A birth defect left Sara Gaver unable to move her arms and legs, but she doesn’t let this stop her from trying to help others.
Gaver, a UNF senior, won second runner-up and the Most Memorable Speech award at the Ms. Wheelchair America Pageant on Aug. 1. Gaver returned home from the pageant with plans to continue advocating for the disabled community.
The Ms. Wheelchair America contestants are judged by their ability to represent and raise awareness of the needs and accomplishments of people with disabilities, according to Ms. Wheelchair America’s website.
“We spent a week getting to know each other, building really good friendships, while also being judged in interviews,” Gaver said. “Throughout the week we had lots of workshops on how to advocate, how to be a leader, how to educate others, things like that. So, it just keeps building skills and making each one of us girls into stronger advocates for not only our state but for the country.”
Gaver was born with Arthrogryposis Multiplex Congenita (AMC), a non-hereditary structural birth defect. According to the Surgeon General, AMC results in stiff joints and muscle weakness.
This left Gaver unable to walk.
“While I’m on campus, I have 24-hour care,” Gaver said. “They’re certified nursing assistants that are provided by the state that come in and take care of me, and they do all of my daily needs.”
Gaver plans to continue developing her own initiatives, including a One Spark 2014 project and an assistive device patent.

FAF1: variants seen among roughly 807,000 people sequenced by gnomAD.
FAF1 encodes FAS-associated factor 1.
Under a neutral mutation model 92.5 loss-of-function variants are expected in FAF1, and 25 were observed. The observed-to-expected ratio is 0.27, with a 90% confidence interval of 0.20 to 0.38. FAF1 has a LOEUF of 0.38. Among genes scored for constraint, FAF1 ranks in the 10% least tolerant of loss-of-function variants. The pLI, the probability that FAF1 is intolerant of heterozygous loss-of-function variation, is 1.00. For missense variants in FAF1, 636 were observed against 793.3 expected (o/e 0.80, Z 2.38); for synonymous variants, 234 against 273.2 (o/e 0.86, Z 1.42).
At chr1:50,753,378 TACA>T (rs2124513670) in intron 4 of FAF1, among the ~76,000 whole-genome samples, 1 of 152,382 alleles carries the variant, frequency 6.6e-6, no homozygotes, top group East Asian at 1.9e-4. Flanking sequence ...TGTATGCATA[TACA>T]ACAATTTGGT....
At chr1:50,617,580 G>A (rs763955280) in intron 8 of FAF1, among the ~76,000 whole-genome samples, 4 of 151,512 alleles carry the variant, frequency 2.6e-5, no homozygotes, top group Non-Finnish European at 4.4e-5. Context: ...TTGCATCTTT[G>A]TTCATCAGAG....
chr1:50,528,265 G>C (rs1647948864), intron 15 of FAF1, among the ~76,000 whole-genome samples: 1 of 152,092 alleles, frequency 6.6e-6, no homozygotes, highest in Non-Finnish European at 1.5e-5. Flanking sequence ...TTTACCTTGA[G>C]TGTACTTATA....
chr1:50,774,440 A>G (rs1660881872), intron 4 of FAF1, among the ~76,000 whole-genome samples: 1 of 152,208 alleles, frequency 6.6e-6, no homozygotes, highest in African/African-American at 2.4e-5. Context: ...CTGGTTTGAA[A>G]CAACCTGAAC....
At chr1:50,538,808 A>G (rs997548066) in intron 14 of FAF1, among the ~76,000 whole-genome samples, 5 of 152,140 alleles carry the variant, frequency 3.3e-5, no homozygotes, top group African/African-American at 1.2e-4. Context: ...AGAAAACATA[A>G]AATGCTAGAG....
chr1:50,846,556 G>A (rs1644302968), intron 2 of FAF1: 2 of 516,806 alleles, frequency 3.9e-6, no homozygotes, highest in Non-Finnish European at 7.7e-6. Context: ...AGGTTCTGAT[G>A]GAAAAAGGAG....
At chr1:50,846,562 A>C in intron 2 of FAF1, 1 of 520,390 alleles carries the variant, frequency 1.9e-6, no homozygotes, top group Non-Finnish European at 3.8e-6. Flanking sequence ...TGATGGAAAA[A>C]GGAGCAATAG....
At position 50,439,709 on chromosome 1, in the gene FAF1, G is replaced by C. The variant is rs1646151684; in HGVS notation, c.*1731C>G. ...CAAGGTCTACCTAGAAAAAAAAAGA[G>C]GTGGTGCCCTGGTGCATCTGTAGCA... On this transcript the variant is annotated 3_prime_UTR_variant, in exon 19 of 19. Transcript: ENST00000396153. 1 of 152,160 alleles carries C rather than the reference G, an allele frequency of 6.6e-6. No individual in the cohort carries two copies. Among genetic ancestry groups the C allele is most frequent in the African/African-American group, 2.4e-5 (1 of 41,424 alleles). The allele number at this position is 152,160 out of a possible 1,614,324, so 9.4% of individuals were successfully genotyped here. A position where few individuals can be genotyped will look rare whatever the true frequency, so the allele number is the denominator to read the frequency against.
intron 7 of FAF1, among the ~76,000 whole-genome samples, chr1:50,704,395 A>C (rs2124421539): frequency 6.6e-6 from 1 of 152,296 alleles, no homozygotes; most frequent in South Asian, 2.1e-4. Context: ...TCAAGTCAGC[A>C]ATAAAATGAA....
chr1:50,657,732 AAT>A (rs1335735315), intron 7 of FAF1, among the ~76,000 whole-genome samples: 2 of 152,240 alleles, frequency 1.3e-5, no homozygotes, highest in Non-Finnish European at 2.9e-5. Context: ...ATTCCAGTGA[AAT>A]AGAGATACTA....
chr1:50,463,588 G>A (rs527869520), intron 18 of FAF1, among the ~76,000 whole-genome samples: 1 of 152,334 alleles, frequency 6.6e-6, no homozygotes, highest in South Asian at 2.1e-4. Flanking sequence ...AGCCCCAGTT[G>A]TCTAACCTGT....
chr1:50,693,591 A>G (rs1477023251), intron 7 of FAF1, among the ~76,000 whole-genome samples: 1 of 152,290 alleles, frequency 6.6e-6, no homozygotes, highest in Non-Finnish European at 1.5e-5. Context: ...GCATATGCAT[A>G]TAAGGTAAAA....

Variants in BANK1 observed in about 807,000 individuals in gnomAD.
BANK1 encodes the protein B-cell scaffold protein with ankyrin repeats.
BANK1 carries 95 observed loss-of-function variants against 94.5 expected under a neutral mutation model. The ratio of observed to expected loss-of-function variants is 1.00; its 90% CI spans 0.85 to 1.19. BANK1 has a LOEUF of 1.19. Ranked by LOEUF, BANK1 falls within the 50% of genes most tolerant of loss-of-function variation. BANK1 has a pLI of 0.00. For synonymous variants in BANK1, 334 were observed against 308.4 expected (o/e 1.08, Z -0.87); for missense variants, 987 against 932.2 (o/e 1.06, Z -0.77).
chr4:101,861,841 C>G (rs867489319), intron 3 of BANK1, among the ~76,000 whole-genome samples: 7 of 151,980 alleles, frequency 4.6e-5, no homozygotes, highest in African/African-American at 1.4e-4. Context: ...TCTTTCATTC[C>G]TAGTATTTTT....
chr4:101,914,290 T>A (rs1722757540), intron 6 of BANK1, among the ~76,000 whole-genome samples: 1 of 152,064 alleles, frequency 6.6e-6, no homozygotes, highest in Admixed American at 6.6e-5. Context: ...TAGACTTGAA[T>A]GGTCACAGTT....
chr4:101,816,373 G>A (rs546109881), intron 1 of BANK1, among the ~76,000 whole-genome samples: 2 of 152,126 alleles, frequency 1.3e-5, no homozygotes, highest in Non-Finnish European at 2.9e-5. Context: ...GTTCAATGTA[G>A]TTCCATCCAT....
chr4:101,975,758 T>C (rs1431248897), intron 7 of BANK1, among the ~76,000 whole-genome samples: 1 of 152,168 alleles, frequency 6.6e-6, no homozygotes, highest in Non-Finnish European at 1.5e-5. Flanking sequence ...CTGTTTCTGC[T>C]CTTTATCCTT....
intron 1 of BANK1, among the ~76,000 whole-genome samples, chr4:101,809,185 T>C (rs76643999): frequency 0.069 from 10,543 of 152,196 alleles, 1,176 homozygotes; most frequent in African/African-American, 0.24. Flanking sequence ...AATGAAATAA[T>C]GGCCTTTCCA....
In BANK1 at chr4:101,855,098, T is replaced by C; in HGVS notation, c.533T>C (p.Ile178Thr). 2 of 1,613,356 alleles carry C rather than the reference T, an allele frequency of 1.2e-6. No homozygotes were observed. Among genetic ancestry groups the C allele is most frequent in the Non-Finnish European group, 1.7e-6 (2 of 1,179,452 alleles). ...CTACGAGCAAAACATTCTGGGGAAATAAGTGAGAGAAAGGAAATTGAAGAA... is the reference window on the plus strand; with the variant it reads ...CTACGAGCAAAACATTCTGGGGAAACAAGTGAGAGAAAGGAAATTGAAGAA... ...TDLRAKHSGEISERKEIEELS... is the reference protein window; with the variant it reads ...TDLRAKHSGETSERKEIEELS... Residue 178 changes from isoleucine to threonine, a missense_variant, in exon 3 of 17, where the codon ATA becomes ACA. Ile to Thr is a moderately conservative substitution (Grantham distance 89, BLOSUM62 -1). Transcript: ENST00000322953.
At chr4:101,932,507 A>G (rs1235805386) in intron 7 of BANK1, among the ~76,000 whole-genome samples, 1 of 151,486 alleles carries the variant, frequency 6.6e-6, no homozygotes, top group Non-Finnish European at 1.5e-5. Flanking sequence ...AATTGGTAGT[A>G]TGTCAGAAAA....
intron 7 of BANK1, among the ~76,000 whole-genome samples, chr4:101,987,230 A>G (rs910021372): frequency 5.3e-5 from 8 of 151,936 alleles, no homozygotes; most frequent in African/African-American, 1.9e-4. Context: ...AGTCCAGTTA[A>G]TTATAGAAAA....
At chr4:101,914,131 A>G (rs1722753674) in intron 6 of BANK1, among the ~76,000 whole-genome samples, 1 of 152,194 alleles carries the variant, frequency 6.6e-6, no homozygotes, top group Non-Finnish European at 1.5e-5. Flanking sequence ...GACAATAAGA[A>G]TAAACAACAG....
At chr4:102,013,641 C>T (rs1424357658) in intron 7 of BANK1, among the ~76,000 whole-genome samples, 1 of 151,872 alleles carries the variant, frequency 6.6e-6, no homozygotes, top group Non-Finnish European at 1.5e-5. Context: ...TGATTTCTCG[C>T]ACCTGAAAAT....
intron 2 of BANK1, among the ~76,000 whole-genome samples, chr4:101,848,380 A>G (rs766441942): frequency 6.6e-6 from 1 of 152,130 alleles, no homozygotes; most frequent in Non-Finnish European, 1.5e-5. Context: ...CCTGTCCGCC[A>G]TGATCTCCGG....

The device Gaver is trying to patent is called a “makeup tree.”
“I don’t have the use of my arms, but I still wanted to be able to put my makeup on,” Gaver said. “So, we created a little stand that sits on the table that holds my makeup brushes. It holds them tight enough that I can just move my head to apply my makeup, instead of having to use my hands.”
Gaver launched Project Closer at One Spark in April 2014 with plans to help students with disabilities attend college. Students in the nursing program at UNF will serve as caregivers to students with disabilities, making it easier for students with disabilities to enter college without having to depend on the state for care.
“The idea came from my own experiences,” Gaver said. “My care that I have on campus is not very reliable. They don’t really fit into to college life and they don’t really understand how the day is supposed to go. So it’s a little hard and it’s a big struggle actually. And it kind of takes away from my studies, because I constantly have to make sure I’m being taken care of and that I’m not being forgotten.”
Gaver works at UNF’s Disability Resource Center (DRC) as an educational aid. She administers exams with accommodations, helps students get accommodations in their classes, and completes any secretarial work that needs to be done in the DRC office.
Gaver also plans to establish a foundation to enhance Jacksonville’s playgrounds, centered on independence and inclusion. She plans to improve the playgrounds so children with and without disabilities can play together.
On March 21, Gaver won the Ms. Wheelchair Florida pageant, earning her an invitation to the Ms. Wheelchair America Pageant in Des Moines, Iowa. Pageant winners advocate for more than 54 million Americans with disabilities.
Ms. Wheelchair Florida’s responsibilities include attending two conference or fundraising events benefiting the disabled community each month.
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